Moving on from Fiber Mountain news - I have three articles for you this week providing different views of data center transformation. Is the enterprise data center waning as hyperscales and public cloud ascend? Or will hybrid cloud – the optimization of combined cloud and private data center resources – lead to a new resurgence of enterprise-owned data centers? One thing is certain – the new generation of data center architectures, and components such as servers, are far more energy efficient than most of us realize yet.
You might have noticed a theme in these weekly news round-ups: I can’t get enough of news about the intersection of emerging technologies and practical applications in the network! This week, I have some excellent articles to share that tie together the concept of Digital Transformation of the enterprise with the infrastructure innovations necessary to support it.
Last week, our news roundup looked to the far future, examining developments in the physics of light and technology of fiber optics, advances that will start to bear fruit in the next couple of decades.
This week, I’m bringing the focus back to the present, starting with a new study out from Viavi Solutions on the “State of the Network” based on responses from 740 enterprise network professionals. Keeping to the enterprise theme, check out what Arthur Cole has to say about the maturity of virtualization, and Jeremy Rossbach’s advice on how to keep SDN from “going bump in the night.”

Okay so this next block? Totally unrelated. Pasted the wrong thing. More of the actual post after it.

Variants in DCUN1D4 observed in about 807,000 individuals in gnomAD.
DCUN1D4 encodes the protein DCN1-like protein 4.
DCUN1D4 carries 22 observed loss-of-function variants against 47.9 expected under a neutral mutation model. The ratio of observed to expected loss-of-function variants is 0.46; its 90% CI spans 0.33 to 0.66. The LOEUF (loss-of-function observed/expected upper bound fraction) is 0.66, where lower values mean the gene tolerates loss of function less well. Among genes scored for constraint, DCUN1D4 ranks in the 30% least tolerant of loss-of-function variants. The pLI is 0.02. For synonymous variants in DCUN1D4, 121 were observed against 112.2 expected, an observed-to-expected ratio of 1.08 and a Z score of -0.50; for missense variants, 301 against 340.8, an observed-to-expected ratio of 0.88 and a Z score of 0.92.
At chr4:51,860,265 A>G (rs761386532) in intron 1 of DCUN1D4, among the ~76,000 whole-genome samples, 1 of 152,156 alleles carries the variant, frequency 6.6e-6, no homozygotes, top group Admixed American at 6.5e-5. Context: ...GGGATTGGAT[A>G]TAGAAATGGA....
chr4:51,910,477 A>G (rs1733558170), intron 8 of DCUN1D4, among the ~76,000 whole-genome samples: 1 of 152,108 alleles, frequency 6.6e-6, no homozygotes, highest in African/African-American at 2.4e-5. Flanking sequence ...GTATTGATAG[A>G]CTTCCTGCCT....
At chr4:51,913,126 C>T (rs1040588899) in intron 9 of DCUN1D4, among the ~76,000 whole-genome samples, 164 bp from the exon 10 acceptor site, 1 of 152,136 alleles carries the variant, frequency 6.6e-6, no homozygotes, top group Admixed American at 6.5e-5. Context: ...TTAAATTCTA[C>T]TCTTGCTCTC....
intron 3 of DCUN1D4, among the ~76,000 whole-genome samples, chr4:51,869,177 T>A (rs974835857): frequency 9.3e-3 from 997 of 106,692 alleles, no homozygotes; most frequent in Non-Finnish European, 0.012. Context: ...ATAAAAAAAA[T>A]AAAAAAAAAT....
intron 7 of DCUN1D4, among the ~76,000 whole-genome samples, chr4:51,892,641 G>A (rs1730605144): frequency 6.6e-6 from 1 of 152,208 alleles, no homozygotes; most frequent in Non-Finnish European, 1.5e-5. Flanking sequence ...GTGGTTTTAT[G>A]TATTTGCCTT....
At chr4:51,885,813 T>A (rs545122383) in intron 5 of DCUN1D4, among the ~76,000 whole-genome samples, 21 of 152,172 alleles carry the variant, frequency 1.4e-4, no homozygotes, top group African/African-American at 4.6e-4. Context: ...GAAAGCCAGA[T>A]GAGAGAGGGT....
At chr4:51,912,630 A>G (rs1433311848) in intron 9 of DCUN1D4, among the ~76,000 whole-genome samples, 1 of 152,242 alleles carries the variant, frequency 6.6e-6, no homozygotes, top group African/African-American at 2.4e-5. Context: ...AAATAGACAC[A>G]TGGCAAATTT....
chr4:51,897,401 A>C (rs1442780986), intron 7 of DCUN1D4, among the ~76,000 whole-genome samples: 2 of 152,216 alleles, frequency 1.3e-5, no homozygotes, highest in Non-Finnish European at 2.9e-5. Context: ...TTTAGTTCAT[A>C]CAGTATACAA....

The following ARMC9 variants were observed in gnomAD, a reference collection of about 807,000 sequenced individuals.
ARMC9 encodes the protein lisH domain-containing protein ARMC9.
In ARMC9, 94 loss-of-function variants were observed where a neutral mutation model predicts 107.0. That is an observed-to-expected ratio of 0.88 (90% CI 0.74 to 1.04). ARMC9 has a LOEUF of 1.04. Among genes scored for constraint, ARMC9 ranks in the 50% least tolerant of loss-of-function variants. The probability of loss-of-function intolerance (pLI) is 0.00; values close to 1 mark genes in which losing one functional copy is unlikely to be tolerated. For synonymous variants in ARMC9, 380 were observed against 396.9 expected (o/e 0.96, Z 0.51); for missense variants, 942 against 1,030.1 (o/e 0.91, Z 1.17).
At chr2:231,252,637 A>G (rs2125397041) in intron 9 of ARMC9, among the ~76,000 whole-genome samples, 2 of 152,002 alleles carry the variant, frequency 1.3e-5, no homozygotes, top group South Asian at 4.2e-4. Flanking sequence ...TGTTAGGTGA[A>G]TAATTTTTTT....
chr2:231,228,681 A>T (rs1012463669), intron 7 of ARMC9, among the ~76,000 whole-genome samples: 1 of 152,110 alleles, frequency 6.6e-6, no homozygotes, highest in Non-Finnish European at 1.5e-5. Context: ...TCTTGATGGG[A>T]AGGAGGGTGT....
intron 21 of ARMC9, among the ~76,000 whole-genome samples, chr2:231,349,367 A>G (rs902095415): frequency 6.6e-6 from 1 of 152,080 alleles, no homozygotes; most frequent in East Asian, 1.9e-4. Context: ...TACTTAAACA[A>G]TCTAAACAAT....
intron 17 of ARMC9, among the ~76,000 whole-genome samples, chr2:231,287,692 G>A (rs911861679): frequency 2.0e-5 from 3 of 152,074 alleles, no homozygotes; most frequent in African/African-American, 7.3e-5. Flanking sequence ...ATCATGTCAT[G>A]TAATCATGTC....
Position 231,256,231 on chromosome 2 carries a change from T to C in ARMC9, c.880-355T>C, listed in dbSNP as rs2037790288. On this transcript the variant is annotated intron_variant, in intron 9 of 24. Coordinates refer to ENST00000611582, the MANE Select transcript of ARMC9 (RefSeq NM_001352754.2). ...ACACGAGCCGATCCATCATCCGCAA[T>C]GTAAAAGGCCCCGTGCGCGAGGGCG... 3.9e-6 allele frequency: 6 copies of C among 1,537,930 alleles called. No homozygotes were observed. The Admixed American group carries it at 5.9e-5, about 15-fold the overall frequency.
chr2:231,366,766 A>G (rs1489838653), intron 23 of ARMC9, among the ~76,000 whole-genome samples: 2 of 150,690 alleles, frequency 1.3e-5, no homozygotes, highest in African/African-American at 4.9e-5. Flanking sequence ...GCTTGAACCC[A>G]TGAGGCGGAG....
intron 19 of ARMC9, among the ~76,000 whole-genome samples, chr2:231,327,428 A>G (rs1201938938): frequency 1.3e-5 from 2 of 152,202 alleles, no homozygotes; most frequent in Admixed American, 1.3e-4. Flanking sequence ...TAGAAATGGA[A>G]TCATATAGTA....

Looking through the news we shared in social media this week, the underlying theme was one of changing architectures and new approaches to network infrastructure. These trends are not new, but where they were once only visible in hyperscale deployments and test labs, software defined architecture and open hardware are increasingly accessible to any business running a network. Add in the dropping cost and wide-ranging advantages of fiber-optic cable over copper, and the next couple of years are going to be very interesting!